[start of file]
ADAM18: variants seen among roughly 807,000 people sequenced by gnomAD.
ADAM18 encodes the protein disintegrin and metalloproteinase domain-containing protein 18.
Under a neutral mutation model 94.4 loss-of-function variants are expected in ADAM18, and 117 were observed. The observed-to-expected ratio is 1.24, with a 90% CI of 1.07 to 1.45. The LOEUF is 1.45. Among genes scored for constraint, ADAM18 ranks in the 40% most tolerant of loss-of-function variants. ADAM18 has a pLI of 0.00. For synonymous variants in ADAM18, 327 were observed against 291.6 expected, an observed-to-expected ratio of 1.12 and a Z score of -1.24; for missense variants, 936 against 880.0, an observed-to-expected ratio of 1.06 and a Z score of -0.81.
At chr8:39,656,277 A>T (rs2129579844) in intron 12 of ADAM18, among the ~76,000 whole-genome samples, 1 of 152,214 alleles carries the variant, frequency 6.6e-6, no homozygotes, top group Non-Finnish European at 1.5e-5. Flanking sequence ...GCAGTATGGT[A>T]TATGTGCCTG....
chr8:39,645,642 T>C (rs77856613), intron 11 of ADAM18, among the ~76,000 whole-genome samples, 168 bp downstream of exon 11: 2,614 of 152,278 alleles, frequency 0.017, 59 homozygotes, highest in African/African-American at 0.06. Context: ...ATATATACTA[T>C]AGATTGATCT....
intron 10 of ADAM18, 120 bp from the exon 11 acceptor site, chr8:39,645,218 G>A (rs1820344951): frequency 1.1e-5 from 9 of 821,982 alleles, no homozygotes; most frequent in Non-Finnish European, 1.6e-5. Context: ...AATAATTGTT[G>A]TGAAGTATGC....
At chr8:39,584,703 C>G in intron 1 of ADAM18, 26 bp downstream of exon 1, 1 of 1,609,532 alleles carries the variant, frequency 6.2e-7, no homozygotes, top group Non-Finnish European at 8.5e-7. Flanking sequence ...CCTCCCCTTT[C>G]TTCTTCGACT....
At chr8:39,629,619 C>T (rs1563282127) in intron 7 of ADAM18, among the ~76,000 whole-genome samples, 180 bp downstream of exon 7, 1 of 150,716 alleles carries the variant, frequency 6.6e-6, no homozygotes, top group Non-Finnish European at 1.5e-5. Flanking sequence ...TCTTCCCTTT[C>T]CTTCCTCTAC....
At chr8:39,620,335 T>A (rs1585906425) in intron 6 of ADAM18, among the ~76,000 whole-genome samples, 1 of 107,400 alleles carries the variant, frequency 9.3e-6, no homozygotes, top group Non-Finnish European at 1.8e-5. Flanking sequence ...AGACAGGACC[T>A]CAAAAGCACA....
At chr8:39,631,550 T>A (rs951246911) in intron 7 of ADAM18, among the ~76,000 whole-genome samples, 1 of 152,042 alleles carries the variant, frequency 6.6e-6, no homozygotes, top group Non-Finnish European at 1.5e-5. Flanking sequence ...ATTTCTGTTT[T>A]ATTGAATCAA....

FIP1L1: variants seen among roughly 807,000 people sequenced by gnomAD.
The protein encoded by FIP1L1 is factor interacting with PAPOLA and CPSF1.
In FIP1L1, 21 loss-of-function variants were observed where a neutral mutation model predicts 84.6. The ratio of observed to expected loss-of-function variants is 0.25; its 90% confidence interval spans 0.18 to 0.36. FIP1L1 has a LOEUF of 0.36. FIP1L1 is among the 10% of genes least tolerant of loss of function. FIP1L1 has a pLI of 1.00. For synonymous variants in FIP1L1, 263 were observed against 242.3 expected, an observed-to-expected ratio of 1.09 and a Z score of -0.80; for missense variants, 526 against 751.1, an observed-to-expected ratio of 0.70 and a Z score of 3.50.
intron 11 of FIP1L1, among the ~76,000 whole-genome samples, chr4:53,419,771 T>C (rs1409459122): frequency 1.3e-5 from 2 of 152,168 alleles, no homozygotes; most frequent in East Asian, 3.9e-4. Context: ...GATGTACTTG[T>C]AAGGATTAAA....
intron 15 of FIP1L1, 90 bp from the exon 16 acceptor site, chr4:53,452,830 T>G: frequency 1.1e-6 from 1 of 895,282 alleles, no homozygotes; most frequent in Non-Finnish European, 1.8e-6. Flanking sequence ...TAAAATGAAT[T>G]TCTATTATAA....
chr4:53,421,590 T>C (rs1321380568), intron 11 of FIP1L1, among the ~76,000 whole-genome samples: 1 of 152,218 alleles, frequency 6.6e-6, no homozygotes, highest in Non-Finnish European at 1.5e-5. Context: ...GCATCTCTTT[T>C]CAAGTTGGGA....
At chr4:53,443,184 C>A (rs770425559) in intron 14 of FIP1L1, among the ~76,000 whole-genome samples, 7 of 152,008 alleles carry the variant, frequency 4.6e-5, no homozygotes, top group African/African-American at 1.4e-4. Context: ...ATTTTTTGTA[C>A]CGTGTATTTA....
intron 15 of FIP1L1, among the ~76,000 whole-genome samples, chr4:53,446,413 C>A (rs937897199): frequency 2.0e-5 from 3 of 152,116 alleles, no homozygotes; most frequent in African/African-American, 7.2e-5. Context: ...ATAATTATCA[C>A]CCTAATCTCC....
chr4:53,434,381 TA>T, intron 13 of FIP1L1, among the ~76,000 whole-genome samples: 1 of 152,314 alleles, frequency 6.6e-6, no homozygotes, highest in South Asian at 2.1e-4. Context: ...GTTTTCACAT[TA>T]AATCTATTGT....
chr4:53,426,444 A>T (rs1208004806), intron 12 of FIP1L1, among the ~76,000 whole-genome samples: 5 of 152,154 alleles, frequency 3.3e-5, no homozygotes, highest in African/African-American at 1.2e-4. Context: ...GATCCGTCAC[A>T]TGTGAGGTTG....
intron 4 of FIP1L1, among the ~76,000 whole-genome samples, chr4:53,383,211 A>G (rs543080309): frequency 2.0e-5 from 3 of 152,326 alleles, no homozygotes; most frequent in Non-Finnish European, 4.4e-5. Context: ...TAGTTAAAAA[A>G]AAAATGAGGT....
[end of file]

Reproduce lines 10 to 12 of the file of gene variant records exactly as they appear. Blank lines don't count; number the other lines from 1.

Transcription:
At chr8:39,631,550 T>A (rs951246911) in intron 7 of ADAM18, among the ~76,000 whole-genome samples, 1 of 152,042 alleles carries the variant, frequency 6.6e-6, no homozygotes, top group Non-Finnish European at 1.5e-5. Flanking sequence ...ATTTCTGTTT[T>A]ATTGAATCAA....

FIP1L1: variants seen among roughly 807,000 people sequenced by gnomAD.
The protein encoded by FIP1L1 is factor interacting with PAPOLA and CPSF1.